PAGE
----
Nike sponsored visits to the Tenement by Paul George and Lebron James in 2015 put the area on the map and provided brands and players an opportunity to connect with grass roots sports in the country. Since the international visits, global awareness of the Filipinos love for basketball has increased dramatically and the Tenement court has been featured numerous times on popular blogs like Hypebeast, Modern Notoriety and Slam Online.
A group of enthusiastic tenants and friends host a bi-annual local festival called Picnic Games which combines basketball, music and dance giving underprivileged youths an opportunity to participate in a modern cultural event whilst simultaneously drawing attention to some of the ongoing issues residents face amidst the external developments of the greater city.
Getting to the Tenement can be a little tricky if you are not familiar with roads, traffic or public transport. Your best bet is to connect with some local ballers who can show you around.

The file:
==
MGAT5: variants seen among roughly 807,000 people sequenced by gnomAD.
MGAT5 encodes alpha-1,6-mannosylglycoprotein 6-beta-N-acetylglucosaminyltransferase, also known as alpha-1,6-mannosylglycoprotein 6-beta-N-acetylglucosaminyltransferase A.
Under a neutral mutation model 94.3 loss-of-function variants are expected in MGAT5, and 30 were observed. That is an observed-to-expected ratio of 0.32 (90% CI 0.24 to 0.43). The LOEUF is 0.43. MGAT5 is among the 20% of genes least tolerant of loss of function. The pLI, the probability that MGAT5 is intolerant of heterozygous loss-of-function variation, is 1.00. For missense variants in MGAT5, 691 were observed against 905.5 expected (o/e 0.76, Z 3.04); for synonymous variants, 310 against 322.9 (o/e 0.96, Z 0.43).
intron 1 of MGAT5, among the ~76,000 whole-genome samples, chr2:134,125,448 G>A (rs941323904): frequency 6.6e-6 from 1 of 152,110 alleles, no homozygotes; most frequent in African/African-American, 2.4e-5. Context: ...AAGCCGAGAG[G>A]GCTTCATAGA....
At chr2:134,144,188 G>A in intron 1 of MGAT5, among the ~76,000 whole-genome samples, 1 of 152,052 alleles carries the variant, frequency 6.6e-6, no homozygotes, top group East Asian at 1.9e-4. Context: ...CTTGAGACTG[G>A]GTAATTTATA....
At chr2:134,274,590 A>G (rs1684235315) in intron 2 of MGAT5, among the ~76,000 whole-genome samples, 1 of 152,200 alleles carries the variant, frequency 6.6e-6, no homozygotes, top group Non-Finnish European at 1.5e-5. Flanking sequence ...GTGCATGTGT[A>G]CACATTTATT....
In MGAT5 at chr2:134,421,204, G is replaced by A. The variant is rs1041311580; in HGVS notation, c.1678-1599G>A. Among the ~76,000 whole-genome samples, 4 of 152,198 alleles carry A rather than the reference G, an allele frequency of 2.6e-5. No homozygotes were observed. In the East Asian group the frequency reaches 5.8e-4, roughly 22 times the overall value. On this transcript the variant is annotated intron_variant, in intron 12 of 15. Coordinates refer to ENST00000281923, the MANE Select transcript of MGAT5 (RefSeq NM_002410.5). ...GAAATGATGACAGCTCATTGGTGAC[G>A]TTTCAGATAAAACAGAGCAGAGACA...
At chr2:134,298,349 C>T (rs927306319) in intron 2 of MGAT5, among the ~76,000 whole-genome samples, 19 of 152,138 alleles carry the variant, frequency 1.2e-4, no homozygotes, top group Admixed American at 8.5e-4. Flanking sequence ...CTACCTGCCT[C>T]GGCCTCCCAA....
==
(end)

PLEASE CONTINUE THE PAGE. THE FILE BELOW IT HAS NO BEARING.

The Araneta stadium where Ali took on Frazier on that muggy morning back in 1975 still stands today. The stadium has had a number of modern upgrades since the fight - air conditioning being the most notable of the spectator comforts. Known locally as ‘The Big Dome’ and with a 16,000 capacity, the epicentre of professional sports hosts the PBA (Philippines Basketball Association) matches as well as boxing, volleyball and a raft of international concerts and events.
Nearby Cubao Expo is a great spot to visit with second hand record shops, ukay ukay, hip bars and few cobblers staking claim with the last remnants of it’s previous life as the centre of the local shoemaking industry.